In today’s day and age, there are many ways businesses take and face risks. Some businesses are in industries where they take risks just in the fact that they are open for business. That can be a roofing company who has employees who climb on top of a house on a daily basis. Other businesses face risks in hiring and firing employees, generating enough revenue to stay afloat and most importantly the risk of becoming victim to a data breach.  Most business owners do not think twice about purchasing commercial property insurance, but many still hesitate to secure small business data breach insurance.  This is a mistake because it does not matter the size nor the scope of your business, every business is a target for being hacked and every business is at risk for a data breach.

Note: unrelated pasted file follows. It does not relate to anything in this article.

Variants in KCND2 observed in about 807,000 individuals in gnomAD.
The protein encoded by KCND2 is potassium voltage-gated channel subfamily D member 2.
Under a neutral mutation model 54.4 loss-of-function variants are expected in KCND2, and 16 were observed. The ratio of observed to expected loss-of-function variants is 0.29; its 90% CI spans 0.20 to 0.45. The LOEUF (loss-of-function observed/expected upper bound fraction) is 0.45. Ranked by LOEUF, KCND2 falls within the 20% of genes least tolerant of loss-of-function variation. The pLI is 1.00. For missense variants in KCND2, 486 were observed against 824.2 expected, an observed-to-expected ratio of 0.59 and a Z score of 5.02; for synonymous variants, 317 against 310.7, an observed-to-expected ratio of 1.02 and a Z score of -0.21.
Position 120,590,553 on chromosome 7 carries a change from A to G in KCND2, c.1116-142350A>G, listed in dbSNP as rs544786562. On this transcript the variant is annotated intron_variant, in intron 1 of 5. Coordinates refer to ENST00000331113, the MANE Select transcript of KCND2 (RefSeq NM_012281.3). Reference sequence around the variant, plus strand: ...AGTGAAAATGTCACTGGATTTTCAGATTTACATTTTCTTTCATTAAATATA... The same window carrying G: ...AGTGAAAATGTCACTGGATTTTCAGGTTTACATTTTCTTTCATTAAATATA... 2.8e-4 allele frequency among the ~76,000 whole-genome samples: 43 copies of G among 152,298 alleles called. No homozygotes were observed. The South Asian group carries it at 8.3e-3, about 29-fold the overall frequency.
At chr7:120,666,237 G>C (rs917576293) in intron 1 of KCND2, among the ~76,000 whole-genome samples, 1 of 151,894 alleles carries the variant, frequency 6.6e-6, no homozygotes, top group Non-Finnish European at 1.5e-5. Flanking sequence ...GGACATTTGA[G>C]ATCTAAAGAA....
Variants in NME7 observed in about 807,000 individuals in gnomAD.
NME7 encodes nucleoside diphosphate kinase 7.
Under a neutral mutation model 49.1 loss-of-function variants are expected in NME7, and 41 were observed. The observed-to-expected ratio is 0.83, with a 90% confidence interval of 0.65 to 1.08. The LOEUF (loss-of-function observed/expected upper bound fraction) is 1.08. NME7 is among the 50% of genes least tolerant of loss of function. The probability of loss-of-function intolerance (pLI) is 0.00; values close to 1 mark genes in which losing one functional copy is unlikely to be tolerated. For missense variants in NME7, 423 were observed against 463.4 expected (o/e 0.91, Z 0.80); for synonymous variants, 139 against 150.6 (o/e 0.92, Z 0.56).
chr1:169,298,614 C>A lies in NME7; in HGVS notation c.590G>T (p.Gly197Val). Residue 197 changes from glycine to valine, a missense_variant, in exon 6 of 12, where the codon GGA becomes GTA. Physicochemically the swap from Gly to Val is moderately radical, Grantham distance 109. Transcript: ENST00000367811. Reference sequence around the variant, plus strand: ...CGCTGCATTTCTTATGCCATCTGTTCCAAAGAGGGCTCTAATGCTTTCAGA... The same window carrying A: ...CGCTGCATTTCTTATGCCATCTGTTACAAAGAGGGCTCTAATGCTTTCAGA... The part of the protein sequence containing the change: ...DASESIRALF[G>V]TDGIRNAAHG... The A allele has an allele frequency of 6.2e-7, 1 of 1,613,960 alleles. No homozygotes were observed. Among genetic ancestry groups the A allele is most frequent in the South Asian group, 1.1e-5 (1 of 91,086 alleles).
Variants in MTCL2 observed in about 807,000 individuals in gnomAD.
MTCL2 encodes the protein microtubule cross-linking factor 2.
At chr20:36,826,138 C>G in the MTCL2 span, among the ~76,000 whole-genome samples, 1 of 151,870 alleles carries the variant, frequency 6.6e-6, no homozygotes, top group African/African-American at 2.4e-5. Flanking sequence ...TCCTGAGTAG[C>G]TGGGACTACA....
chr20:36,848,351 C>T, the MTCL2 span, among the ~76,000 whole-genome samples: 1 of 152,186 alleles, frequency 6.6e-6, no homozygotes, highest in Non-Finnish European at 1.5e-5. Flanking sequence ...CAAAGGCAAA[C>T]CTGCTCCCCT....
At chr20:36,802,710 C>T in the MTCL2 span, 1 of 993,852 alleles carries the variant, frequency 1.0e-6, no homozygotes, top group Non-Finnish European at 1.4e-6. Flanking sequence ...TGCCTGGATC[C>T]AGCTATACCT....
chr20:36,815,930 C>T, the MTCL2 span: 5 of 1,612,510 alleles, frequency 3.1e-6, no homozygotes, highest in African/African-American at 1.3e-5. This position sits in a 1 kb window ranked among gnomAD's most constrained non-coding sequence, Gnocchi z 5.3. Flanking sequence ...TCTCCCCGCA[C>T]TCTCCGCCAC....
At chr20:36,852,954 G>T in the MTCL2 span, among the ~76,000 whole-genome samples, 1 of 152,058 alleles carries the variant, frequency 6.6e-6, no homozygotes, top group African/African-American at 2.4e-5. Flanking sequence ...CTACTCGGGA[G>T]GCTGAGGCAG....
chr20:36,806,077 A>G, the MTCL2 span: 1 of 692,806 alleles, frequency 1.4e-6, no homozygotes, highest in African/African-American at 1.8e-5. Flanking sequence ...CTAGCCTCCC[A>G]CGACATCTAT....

Obtain the best information about how to protect your small business from a cyber attack and where to buy small business data breach insurance at myinsurancequestion.com